As I lay in bed alone for so long I thought of the days when we will be together, comforting each other at night. This idea led to another and then to another and soon I was so fired up I could see you in bed with me. You wore that nightcap of yours I like so much, and a certain ribbon I gave you adorned your face so sweetly. You were so near to me and so seductive I took in your tender fragrance and felt your breath. You were in a deep sleep -- you even snored at times. You had kept me company all evening long with such grace that I really didn't have the heart to wake you up... but then a most fortunate little accident occurred just as my discretion was exhausting itself. You turned to me at the very moment in which you dreamed of being in my arms. Nature, perhaps encourage by habit, led you to embrace me. So there we were, next to each other, face to face and mouth to mouth! Your right leg was leaning on my left leg. Little by little the beak of the baby dove began to prick you so forcefully that in your sleep you moved your hand in such a way the thirsty little creature found the door wide open. Trembling from both fear and delight, it entered oh so gently into that little cage and after quenching its thirst it began to have some fun, flying about those spaces and trying to penetrate them as far as it could. It was so eager and made such a fuss that in the end you woke up.

It was not long before Memmo's scheme was found out -- Venice being the gossipy town that it is -- and Smith, furious, banished him from Palazzo Balbi. Undeterred, Memmo then plotted to marry Giustiniana secretly in the church, and the church was happy to oblige, eager to capture such a notable young nobleman. But when Giustiniana insisted that Memmo seriously consider what he would lose -- his entire life and career -- he reconsidered.

He next decided that he would marry Giustiniana legally, in front of the entire world -- all he needed to do was to change the law itself. He was not the only young man who wanted to move the oligarchy into modern times; there were other aristocrats in the same spot, and Memmo had the wealth and power to do it. He came very close to persuading enough nobility to join his cause until a document was found in the Archives revealing that Giustiniana's mother, Anna, had been deflowered by a Greek in her youth, and that was the end of that.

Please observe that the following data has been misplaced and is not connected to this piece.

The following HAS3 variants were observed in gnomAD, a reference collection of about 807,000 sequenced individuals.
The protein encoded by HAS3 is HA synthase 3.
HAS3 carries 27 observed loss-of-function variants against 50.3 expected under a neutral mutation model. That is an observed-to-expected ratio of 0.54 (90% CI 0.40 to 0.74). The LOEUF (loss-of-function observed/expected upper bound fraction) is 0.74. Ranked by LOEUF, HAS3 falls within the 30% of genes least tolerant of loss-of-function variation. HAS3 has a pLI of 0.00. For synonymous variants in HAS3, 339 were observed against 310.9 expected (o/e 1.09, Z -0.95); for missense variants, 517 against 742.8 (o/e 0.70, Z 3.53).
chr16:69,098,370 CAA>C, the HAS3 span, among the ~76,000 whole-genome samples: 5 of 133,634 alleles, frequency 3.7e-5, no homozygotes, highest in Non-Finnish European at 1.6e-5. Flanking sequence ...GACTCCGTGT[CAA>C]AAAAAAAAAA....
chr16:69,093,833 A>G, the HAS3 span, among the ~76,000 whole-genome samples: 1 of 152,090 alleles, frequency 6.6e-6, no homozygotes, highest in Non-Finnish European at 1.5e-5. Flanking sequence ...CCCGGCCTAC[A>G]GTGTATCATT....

Andrea di Robilant and Liesl Odenweller
In the end, both Memmo and Giustiana married others, but remained lifelong friends; Giustiniana even went to Memmo's daughter's wedding. Memmo became governor of Padua and Ambassador to Constantinople; Giustiana married Count Orsini-Rosenberg, the Austrian Ambassador to Venice, and then became a respected writer. Although they have been gone for more than 200 hundred years, their great love story lives on.

Titian's Assumption at the Frari
Coda: As we left San Giovanni Evangelista and headed toward dinner, a chorus of angels filled the night air. The door to the Frari was wide open, and Titian's Assumption of the Virgin glowed as if it were lit by heaven itself. We entered the enormous basilica and learned it was a free concert -- a perfect coda to a perfect evening in mystical, magical Venice.

Click for Venice Music Project
Click for Andrea di Robilant
Click for Liesl Odenweller

Ciao from Venezia,
Cat Bauer
Venetian Cat - The Venice Blog

1 comment:

  1. A Venetian Affair: A True Tale of Forbidden Love in the 18th Century by Andrea di Robilant was first published in hardcover in 2003, based on ancestral letters written in secret code that Andrea's father found up in the attic of Palazzo Mocenigo. I remember when the English edition came out in Venice in 2004 because two different aristocrats gave it to me as a gift, tripping over each other to be the first to deliver it, a 21st Century version of the intriguing -- and comedic -- love story.